One impulsive afternoon in 1986 a group of bohemians burned an effigy of a man on a beach in San Francisco. At the centre of this circle of "burners" was Larry Harvey, the annual festival's founder and now the chief philosophic officer. The number of burners who will turn up to the event this year in the featureless California desert has now grown from that original intimate circle to over 70 000.
“We turned a scene into a city,” says Harvey of Burning Man’s temporary municipality Black Rock City, which has street signs, newspapers and its own set of guiding princibles. “It’s been going on for 28 years. There aren’t many scenes that last that long.”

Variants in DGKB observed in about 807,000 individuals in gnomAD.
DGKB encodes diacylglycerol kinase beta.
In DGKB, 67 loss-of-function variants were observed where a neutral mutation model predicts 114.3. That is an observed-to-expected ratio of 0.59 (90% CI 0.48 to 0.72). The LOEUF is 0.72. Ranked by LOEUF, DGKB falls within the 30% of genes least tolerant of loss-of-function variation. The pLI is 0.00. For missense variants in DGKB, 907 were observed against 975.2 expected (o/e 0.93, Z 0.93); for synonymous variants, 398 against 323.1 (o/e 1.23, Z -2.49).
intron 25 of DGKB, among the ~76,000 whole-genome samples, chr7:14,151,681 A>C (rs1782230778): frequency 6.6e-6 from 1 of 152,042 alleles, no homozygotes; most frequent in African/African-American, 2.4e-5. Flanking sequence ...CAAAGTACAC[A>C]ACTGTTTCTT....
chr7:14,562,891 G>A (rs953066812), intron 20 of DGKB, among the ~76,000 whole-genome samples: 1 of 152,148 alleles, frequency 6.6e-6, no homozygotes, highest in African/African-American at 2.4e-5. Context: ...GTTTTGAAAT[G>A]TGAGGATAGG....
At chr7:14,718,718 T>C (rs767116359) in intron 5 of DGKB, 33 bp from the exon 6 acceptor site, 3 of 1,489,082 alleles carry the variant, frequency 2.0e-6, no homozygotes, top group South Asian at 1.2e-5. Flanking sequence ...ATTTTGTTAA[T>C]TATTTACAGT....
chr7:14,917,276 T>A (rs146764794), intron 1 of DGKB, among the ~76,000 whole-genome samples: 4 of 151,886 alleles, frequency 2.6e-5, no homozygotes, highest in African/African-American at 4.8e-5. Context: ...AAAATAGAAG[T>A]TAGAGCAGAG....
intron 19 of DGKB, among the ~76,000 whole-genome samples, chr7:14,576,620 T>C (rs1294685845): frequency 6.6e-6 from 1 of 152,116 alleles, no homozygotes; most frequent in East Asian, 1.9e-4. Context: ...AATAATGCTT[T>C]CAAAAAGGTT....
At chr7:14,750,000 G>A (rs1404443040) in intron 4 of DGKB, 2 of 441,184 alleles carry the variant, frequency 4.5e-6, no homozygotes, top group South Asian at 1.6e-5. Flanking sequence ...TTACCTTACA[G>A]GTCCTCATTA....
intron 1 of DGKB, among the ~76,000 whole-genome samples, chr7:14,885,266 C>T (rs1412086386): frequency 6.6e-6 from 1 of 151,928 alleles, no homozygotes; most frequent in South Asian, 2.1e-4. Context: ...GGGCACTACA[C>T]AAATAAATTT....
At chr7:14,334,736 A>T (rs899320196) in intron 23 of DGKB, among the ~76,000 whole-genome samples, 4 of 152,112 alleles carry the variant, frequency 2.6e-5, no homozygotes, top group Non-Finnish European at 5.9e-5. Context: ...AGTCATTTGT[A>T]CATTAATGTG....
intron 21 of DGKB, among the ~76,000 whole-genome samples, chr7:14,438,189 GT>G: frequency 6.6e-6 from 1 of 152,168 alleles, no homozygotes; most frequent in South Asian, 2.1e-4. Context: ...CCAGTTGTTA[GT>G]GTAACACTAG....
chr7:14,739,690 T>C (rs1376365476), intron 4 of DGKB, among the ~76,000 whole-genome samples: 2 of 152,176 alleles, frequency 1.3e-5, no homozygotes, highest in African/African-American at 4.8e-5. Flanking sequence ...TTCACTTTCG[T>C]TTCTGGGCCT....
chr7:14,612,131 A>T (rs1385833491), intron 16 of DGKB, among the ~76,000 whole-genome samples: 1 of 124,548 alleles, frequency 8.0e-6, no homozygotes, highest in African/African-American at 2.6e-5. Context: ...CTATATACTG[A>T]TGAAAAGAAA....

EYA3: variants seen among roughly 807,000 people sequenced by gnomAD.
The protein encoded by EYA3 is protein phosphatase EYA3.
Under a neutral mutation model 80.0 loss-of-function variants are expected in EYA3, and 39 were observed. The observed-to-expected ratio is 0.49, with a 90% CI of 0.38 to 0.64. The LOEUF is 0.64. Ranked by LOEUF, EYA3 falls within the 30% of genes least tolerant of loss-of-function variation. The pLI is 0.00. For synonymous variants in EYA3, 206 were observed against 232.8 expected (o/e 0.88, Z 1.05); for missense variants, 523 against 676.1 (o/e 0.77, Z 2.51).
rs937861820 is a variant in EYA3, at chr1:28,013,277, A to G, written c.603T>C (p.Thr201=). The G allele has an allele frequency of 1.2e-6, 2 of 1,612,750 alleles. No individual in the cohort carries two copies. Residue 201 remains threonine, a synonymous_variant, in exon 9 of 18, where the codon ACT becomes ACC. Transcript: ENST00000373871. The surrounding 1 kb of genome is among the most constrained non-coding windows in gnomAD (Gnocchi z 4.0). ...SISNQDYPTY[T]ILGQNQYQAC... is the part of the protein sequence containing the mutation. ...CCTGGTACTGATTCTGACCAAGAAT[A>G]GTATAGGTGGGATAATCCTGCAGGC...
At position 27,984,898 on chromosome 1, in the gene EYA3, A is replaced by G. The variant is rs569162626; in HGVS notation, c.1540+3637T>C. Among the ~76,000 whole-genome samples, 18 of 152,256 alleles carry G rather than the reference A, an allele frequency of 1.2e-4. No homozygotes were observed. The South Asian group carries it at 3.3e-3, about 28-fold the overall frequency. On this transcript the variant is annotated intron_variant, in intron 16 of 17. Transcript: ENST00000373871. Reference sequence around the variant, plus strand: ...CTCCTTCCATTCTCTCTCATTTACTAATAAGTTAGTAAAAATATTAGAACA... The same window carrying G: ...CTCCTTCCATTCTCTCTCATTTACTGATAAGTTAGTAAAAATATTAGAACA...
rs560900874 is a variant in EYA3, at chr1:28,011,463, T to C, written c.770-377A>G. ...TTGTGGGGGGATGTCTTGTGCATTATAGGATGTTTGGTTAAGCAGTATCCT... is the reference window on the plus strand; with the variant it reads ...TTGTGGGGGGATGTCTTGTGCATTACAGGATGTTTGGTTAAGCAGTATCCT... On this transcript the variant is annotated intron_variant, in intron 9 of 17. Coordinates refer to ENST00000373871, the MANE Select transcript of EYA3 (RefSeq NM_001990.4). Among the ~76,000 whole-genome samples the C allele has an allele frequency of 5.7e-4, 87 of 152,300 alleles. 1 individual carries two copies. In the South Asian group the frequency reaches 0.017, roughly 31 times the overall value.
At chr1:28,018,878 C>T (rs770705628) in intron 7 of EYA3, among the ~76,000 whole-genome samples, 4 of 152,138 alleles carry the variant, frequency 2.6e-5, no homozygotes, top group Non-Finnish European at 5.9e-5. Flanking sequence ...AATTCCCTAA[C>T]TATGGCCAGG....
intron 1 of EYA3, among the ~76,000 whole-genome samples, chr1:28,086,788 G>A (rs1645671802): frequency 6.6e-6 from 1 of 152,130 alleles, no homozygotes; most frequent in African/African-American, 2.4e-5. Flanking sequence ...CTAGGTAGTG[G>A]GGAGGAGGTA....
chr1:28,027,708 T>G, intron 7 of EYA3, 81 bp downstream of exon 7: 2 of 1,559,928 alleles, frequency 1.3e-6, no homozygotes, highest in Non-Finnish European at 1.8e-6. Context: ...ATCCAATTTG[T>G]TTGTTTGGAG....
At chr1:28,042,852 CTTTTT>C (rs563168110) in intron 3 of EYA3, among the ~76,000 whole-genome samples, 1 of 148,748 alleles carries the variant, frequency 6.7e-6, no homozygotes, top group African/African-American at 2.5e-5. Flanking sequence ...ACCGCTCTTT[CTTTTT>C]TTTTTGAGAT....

During the week long festival a new order (disorder?) prevails. No currency is exchanged, no artwork is signed, everything is “gifted” and all bets are off. The majority of the art at the festival is interactive, sometimes involving huge teams and wild, crowdfunded budgets, which helps produce an atmosphere of social creation.
“We live in a terribly over mediated world,” says Harvey. “The thing about Burning Man is it takes the middle out of everything, with no mediating process or explanation. We take the middle out of economics.”
Burning communities now exist in 50 countries, across six continents, including the Afrikaburn in South Africa's Karoo. Harvey passed away in April 2018.
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